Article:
It was about a week ago when it happened… when I realized I had a problem. When I woke up that morning, my immediate thought went to the leftover pizza in the fridge. I wasn’t thinking about my “to do” list or my plans with friends that evening. I was thinking of that veggie and meat-filled piece of cold pizza. When my feet hit the floor, I started to walk towards the fridge while actually saying out loud “I’m not hungry”. I opened the fridge door. Still saying “I’m not hungry. I’m not hungry”. I grabbed the slice of pizza. I’m not hungry. I’m not hungry. I started chewing the slice and eventually ate all of it, all while saying to myself “I’m not hungry”. I knew the problem was real, and I needed to control it.
Where did it begin?
I remember being around 9 or 10 years old and hoarding bags of Combos in my nightstand. When my parents would be out running errands, I’d pretend I was the host of my own cooking show at the kitchen island. I’d concoct “fancy” recipes like potato chips with peanut butter. I knew “closet eating” Combos and waiting until my parents left so I could eat the “bad” food was a problem. I knew it was unhealthy. It wasn’t like I didn’t know better.
By the time I was 10, I had gotten my menstrual cycle, probably earlier than anyone in my class. I was the only girl in the locker room filling out a training bra. I remember looking at the thinner girls and thinking that because they were smaller, they were pretty, and I wasn’t. I blamed the puberty for why I wasn’t thin. It wasn’t because I was eating Combos late at night.
I was never really bullied in school, at least not about my appearance. I can’t remember a time when the “popular” girls made fun of my weight. I just assumed they did. I would browse my Seventeen magazines and see the advertisements in the back for “fat camp”, and I actually wanted to go. Who actually wants to go to fat camp??
By the time middle school ended, I had thinned out a little because I was making home workout regimens for myself and sticking to them, but I still thought I was fat.
It was in my high school years when TV movies seemed to revolve around eating disorders. I remember watching Tracie Gold and Jennie Garth battle eating disorders on my TV, and I wanted to be thin like them. I wanted to have an eating disorder (who says that!?!?). I tried once eating a sleeve of chocolate chip cookies and throwing them up. That didn’t last long. I tried once to be anorexic. I made it to dinnertime before I quit.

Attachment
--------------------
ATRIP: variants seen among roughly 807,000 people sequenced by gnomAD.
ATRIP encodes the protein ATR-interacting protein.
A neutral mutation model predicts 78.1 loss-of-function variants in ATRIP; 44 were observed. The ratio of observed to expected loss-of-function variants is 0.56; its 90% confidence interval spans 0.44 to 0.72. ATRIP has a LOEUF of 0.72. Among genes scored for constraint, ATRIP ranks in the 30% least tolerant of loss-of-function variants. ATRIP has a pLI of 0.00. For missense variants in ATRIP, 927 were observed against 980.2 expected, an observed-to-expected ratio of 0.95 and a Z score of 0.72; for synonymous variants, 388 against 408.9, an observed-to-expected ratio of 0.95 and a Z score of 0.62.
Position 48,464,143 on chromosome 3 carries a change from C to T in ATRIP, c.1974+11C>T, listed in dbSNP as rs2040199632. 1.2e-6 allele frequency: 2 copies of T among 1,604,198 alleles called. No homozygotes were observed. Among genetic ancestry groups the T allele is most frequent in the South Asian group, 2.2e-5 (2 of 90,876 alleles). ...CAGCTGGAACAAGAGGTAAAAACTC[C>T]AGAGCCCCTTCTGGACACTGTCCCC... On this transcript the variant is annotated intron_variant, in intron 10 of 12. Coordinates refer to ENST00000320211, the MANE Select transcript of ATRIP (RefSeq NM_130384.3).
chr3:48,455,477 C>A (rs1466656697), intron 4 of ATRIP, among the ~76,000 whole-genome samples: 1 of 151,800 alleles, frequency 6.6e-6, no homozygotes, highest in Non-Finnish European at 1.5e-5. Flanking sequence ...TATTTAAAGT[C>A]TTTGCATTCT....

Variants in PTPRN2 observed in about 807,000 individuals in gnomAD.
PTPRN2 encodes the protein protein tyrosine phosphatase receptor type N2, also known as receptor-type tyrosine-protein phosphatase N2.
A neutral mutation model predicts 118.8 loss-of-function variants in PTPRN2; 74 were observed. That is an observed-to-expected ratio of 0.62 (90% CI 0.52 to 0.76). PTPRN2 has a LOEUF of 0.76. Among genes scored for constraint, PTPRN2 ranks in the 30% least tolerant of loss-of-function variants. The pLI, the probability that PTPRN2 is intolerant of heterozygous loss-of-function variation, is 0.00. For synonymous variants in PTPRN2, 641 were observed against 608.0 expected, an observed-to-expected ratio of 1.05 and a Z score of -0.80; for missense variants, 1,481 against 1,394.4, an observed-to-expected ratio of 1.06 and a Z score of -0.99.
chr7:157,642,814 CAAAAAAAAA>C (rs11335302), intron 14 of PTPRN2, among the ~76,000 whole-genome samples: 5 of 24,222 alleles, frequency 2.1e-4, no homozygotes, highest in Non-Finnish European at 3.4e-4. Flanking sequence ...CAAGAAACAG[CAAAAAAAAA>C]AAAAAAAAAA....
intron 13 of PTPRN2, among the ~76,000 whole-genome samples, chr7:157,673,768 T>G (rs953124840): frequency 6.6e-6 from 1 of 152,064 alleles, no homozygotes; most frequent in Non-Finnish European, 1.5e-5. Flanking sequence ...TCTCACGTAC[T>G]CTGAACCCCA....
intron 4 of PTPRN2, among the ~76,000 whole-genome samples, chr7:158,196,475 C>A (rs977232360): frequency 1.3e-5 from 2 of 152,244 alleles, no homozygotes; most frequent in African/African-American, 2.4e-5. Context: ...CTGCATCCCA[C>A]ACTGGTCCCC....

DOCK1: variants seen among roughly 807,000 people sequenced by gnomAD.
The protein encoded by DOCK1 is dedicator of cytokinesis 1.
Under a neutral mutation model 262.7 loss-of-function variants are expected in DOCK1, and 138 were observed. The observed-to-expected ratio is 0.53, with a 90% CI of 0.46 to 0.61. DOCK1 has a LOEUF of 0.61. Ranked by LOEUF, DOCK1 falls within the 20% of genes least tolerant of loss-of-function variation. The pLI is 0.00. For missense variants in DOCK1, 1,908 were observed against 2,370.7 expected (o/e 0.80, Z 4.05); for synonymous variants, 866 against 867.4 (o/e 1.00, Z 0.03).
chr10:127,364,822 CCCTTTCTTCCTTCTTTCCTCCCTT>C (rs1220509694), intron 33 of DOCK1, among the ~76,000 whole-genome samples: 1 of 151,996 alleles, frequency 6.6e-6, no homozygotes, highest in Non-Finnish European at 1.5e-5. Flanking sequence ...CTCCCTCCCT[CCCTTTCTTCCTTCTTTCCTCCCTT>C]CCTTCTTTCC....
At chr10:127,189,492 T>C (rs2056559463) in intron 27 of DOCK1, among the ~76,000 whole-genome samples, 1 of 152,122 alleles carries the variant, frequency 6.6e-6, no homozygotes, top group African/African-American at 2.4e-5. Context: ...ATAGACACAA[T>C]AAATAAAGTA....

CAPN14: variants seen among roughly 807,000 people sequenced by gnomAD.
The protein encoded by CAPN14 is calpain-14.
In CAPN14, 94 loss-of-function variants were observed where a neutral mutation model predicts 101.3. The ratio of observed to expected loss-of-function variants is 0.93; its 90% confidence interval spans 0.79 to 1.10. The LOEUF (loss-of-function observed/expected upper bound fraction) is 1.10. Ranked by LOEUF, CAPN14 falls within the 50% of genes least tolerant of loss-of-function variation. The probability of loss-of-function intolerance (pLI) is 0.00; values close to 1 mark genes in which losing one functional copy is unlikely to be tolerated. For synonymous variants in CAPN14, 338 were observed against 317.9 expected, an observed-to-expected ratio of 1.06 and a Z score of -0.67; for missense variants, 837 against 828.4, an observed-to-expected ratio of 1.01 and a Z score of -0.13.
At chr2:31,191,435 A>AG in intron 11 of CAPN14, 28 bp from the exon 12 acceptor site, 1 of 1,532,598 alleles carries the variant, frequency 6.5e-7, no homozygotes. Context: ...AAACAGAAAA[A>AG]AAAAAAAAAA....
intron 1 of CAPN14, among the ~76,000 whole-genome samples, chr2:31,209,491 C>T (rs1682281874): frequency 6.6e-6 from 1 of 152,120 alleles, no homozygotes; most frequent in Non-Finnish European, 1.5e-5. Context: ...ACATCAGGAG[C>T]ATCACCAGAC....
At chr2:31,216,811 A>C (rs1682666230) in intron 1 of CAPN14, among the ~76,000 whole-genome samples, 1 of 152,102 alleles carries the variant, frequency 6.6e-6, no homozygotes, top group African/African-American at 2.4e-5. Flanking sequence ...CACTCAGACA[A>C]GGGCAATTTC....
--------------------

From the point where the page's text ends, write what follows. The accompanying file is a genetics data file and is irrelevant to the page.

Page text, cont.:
It wasn’t until the end of high school before I started to feel pretty and confident. I was determined to go to college with this new mindset.
Throughout college, I spent many hours in the gym working out, but I developed some unhealthy eating habits from being on my own for the first time. I vividly remember eating a lot of Stouffer’s pizzas and Wawa hoagies with lots of mayo, and I was on a weird eating schedule because I had classes all day and then worked nights at TGIFriday’s. I sometimes didn’t hit the gym until 2am.
I think I’ve gotten off on a tangent here. What I’m trying to say is… I’ve been addicted to food and have developed poor eating habits over many, many years, and I’m just now realizing how big of a problem it has become. When I go out with friends to a Mexican restaurant, all I can think about is the basket of chips with salsa. I think about getting my fair share. My friend better offer me half of the last chip. I always ask for a refill if the server offers it. Same thing with the bread basket. I hope my dining companion is keeping track of how many she’s had because I lost count, and we should both get equal portions of bread! When I go to an event, my first thought is about the food. Can I make a meal out of the appetizers so I don’t have to make dinner later? Will anyone see me if I take seconds (or thirds)? Dang, that cheese dip is delicious! I hope they have more in the back in case this one runs out. I’d come home from said event and eat Nutella out of the jar with a spoon. See? I have a problem.
Where do I go from here?
I’ve been saying to friends and my mom for a while now that I needed something like Weight Watchers where I get the support, but I needed something along the lines of AA or NA where we’ve all recognized we have a big problem. A problem larger than ourselves. Larger than just the food we eat. For me personally, Weight Watchers just didn’t work. They teach you what to eat (kind of) but they don’t fix the problem. I absolutely loved my leader, but the people in the meetings would encourage others to drink Diet Coke and eat spray butter and fake sugar. And WW tries to push their fake sugar products. No. Just no.